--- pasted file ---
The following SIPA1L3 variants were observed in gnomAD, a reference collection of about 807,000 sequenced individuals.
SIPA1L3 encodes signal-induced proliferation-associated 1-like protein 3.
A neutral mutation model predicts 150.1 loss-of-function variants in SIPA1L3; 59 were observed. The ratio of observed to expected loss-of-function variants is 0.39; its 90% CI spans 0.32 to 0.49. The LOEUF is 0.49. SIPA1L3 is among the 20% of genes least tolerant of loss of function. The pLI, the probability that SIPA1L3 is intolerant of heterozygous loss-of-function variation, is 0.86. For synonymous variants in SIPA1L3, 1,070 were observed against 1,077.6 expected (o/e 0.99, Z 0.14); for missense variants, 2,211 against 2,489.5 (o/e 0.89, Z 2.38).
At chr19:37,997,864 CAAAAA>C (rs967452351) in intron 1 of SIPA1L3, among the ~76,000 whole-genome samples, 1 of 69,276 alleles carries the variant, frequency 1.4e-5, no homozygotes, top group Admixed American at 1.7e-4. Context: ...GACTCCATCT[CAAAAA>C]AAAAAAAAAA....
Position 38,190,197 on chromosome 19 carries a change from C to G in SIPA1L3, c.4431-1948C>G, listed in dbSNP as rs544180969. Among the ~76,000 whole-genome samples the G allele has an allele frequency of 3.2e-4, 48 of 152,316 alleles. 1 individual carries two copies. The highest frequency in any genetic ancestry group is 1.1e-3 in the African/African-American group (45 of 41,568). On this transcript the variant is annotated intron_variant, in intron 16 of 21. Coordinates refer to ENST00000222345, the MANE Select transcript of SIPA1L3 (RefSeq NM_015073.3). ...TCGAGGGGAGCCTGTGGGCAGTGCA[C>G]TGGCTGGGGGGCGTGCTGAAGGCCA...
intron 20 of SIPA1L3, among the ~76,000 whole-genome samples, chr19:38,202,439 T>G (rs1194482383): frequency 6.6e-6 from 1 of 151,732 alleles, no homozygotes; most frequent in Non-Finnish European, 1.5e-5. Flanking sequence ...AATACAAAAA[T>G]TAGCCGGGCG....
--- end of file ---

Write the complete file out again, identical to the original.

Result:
The following SIPA1L3 variants were observed in gnomAD, a reference collection of about 807,000 sequenced individuals.
SIPA1L3 encodes signal-induced proliferation-associated 1-like protein 3.
A neutral mutation model predicts 150.1 loss-of-function variants in SIPA1L3; 59 were observed. The ratio of observed to expected loss-of-function variants is 0.39; its 90% CI spans 0.32 to 0.49. The LOEUF is 0.49. SIPA1L3 is among the 20% of genes least tolerant of loss of function. The pLI, the probability that SIPA1L3 is intolerant of heterozygous loss-of-function variation, is 0.86. For synonymous variants in SIPA1L3, 1,070 were observed against 1,077.6 expected (o/e 0.99, Z 0.14); for missense variants, 2,211 against 2,489.5 (o/e 0.89, Z 2.38).
At chr19:37,997,864 CAAAAA>C (rs967452351) in intron 1 of SIPA1L3, among the ~76,000 whole-genome samples, 1 of 69,276 alleles carries the variant, frequency 1.4e-5, no homozygotes, top group Admixed American at 1.7e-4. Context: ...GACTCCATCT[CAAAAA>C]AAAAAAAAAA....
Position 38,190,197 on chromosome 19 carries a change from C to G in SIPA1L3, c.4431-1948C>G, listed in dbSNP as rs544180969. Among the ~76,000 whole-genome samples the G allele has an allele frequency of 3.2e-4, 48 of 152,316 alleles. 1 individual carries two copies. The highest frequency in any genetic ancestry group is 1.1e-3 in the African/African-American group (45 of 41,568). On this transcript the variant is annotated intron_variant, in intron 16 of 21. Coordinates refer to ENST00000222345, the MANE Select transcript of SIPA1L3 (RefSeq NM_015073.3). ...TCGAGGGGAGCCTGTGGGCAGTGCA[C>G]TGGCTGGGGGGCGTGCTGAAGGCCA...
intron 20 of SIPA1L3, among the ~76,000 whole-genome samples, chr19:38,202,439 T>G (rs1194482383): frequency 6.6e-6 from 1 of 151,732 alleles, no homozygotes; most frequent in Non-Finnish European, 1.5e-5. Flanking sequence ...AATACAAAAA[T>G]TAGCCGGGCG....